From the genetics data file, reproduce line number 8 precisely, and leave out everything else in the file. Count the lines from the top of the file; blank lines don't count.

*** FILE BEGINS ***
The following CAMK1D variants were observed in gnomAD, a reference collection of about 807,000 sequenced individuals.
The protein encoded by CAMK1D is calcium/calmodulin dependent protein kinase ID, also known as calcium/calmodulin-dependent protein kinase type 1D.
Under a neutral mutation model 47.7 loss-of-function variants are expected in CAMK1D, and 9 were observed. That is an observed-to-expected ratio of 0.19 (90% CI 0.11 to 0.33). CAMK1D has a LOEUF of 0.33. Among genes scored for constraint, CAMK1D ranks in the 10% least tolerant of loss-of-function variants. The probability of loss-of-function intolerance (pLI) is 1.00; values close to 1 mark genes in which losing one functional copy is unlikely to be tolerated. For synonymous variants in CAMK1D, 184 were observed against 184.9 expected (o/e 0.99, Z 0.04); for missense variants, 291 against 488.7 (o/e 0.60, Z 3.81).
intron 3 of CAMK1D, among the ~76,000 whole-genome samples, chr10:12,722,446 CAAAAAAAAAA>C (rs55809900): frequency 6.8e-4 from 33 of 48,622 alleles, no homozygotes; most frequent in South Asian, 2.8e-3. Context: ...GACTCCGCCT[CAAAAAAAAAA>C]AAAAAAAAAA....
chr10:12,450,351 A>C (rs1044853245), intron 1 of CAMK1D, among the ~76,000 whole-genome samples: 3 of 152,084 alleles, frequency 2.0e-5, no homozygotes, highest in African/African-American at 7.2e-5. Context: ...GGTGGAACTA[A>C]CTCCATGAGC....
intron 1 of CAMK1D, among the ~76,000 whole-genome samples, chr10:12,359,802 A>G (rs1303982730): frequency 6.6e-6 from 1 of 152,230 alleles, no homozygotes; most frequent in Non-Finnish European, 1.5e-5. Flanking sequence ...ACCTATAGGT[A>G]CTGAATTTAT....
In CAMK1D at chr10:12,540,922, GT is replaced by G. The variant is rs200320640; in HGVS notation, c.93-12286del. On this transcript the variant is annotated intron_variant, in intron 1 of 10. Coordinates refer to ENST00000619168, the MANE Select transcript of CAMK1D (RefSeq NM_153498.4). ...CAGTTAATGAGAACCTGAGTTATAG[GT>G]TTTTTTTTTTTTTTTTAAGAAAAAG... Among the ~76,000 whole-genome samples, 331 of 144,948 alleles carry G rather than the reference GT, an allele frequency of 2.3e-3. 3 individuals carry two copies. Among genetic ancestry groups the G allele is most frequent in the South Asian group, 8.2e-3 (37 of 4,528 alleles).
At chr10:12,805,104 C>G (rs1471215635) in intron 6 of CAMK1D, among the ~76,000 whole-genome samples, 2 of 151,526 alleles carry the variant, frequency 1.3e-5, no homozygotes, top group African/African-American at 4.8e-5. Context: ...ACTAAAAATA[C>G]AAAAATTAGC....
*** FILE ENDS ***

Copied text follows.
At chr10:12,805,104 C>G (rs1471215635) in intron 6 of CAMK1D, among the ~76,000 whole-genome samples, 2 of 151,526 alleles carry the variant, frequency 1.3e-5, no homozygotes, top group African/African-American at 4.8e-5. Context: ...ACTAAAAATA[C>G]AAAAATTAGC....